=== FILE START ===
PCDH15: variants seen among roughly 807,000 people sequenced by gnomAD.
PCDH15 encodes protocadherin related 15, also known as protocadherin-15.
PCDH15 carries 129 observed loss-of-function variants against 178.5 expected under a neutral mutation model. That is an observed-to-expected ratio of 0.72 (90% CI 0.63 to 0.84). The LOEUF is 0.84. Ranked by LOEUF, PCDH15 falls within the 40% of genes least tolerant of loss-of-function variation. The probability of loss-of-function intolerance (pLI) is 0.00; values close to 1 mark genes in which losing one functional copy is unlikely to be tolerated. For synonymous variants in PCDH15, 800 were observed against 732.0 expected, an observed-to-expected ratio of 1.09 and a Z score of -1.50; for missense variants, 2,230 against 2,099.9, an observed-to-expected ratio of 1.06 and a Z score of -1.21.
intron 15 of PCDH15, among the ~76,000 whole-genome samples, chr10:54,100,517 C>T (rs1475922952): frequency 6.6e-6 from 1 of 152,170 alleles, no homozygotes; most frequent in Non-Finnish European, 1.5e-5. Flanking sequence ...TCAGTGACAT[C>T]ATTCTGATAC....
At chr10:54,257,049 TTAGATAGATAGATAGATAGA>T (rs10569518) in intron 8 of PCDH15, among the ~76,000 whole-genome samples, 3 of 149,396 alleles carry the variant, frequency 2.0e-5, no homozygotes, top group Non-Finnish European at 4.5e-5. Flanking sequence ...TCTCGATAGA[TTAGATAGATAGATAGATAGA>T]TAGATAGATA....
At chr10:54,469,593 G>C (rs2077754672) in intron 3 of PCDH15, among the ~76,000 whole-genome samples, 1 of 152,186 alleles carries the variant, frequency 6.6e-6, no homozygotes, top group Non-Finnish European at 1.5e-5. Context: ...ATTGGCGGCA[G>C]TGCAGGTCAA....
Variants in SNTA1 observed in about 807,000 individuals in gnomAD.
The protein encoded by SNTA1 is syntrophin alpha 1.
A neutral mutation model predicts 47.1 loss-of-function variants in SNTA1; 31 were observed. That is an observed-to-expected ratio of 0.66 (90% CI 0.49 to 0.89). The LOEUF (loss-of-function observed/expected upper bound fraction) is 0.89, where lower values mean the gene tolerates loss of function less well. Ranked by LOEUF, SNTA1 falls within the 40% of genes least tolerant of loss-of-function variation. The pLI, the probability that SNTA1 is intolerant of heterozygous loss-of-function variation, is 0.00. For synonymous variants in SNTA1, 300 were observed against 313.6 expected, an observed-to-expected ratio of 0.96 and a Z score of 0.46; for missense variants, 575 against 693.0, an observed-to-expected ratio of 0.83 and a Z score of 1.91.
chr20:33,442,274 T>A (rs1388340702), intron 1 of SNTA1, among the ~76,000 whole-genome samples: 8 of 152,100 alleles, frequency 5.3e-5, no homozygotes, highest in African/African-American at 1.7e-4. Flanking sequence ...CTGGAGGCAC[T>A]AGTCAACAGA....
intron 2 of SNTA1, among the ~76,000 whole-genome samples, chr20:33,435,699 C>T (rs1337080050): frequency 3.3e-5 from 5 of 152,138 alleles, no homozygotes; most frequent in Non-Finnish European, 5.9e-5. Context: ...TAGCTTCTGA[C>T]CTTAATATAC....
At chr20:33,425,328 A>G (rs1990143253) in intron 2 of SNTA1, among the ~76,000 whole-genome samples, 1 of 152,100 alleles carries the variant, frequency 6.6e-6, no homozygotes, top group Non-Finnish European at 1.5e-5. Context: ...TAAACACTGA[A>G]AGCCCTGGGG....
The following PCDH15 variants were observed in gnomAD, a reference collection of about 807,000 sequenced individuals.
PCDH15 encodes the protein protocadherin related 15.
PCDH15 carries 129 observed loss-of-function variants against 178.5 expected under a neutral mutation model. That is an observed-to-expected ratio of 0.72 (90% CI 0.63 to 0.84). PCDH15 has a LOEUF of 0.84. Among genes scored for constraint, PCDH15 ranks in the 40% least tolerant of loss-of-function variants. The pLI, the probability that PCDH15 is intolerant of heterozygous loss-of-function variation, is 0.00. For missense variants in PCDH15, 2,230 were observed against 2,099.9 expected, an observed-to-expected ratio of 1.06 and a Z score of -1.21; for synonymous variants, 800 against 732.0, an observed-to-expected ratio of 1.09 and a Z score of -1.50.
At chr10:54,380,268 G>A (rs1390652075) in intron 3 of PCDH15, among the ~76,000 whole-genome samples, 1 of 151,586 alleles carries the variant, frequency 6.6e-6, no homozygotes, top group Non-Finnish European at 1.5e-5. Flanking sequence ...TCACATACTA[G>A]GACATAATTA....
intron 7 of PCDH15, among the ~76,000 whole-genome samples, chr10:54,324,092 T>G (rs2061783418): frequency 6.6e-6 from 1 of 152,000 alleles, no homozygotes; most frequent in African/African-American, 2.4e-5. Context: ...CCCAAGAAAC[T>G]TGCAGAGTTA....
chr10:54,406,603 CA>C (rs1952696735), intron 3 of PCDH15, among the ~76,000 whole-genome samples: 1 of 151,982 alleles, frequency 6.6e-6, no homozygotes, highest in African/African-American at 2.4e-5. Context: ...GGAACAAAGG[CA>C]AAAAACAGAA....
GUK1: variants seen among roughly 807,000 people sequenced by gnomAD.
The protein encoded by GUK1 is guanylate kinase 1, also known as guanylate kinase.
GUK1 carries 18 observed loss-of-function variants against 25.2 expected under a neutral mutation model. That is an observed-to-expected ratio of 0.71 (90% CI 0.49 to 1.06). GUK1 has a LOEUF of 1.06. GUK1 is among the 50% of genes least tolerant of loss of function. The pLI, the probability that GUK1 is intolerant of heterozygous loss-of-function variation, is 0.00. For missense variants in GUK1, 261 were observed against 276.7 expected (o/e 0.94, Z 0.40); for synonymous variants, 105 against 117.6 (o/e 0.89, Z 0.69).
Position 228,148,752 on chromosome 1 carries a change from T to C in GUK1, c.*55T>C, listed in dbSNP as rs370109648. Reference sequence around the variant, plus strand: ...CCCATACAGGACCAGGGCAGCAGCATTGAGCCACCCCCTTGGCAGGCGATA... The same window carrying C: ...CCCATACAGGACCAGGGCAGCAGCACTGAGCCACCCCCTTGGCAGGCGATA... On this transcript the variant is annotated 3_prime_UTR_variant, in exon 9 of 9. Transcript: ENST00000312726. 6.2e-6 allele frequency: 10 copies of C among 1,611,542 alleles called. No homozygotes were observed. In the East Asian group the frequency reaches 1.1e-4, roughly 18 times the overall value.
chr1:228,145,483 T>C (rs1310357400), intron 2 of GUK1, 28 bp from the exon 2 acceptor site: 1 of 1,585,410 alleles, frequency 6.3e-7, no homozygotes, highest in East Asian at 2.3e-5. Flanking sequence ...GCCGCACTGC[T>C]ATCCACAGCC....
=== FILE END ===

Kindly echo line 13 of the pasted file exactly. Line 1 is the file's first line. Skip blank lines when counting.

The following PCDH15 variants were observed in gnomAD, a reference collection of about 807,000 sequenced individuals.